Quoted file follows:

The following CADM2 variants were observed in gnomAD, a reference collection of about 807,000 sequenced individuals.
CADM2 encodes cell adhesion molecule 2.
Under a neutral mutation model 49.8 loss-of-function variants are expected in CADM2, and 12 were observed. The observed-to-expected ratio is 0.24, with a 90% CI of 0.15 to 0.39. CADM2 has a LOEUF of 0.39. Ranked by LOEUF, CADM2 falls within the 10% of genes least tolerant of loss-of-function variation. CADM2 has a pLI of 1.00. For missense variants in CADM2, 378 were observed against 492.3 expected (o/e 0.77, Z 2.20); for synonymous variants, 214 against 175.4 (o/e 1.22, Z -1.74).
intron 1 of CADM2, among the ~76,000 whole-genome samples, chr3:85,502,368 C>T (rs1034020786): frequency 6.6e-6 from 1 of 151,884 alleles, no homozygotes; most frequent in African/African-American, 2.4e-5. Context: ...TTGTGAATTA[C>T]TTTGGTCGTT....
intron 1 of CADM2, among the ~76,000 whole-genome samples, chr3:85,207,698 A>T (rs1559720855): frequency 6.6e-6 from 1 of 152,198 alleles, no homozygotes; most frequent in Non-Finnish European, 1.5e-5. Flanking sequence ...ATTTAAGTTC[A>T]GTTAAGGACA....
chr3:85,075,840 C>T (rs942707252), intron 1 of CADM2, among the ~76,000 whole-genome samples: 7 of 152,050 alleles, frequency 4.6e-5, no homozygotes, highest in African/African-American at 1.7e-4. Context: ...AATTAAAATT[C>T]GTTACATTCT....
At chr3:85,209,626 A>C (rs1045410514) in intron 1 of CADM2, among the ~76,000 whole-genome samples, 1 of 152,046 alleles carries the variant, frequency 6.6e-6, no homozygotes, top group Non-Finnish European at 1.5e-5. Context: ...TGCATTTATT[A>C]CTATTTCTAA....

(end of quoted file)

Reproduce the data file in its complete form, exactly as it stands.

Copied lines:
The following CADM2 variants were observed in gnomAD, a reference collection of about 807,000 sequenced individuals.
CADM2 encodes cell adhesion molecule 2.
Under a neutral mutation model 49.8 loss-of-function variants are expected in CADM2, and 12 were observed. The observed-to-expected ratio is 0.24, with a 90% CI of 0.15 to 0.39. CADM2 has a LOEUF of 0.39. Ranked by LOEUF, CADM2 falls within the 10% of genes least tolerant of loss-of-function variation. CADM2 has a pLI of 1.00. For missense variants in CADM2, 378 were observed against 492.3 expected (o/e 0.77, Z 2.20); for synonymous variants, 214 against 175.4 (o/e 1.22, Z -1.74).
intron 1 of CADM2, among the ~76,000 whole-genome samples, chr3:85,502,368 C>T (rs1034020786): frequency 6.6e-6 from 1 of 151,884 alleles, no homozygotes; most frequent in African/African-American, 2.4e-5. Context: ...TTGTGAATTA[C>T]TTTGGTCGTT....
intron 1 of CADM2, among the ~76,000 whole-genome samples, chr3:85,207,698 A>T (rs1559720855): frequency 6.6e-6 from 1 of 152,198 alleles, no homozygotes; most frequent in Non-Finnish European, 1.5e-5. Flanking sequence ...ATTTAAGTTC[A>T]GTTAAGGACA....
chr3:85,075,840 C>T (rs942707252), intron 1 of CADM2, among the ~76,000 whole-genome samples: 7 of 152,050 alleles, frequency 4.6e-5, no homozygotes, highest in African/African-American at 1.7e-4. Context: ...AATTAAAATT[C>T]GTTACATTCT....
At chr3:85,209,626 A>C (rs1045410514) in intron 1 of CADM2, among the ~76,000 whole-genome samples, 1 of 152,046 alleles carries the variant, frequency 6.6e-6, no homozygotes, top group Non-Finnish European at 1.5e-5. Context: ...TGCATTTATT[A>C]CTATTTCTAA....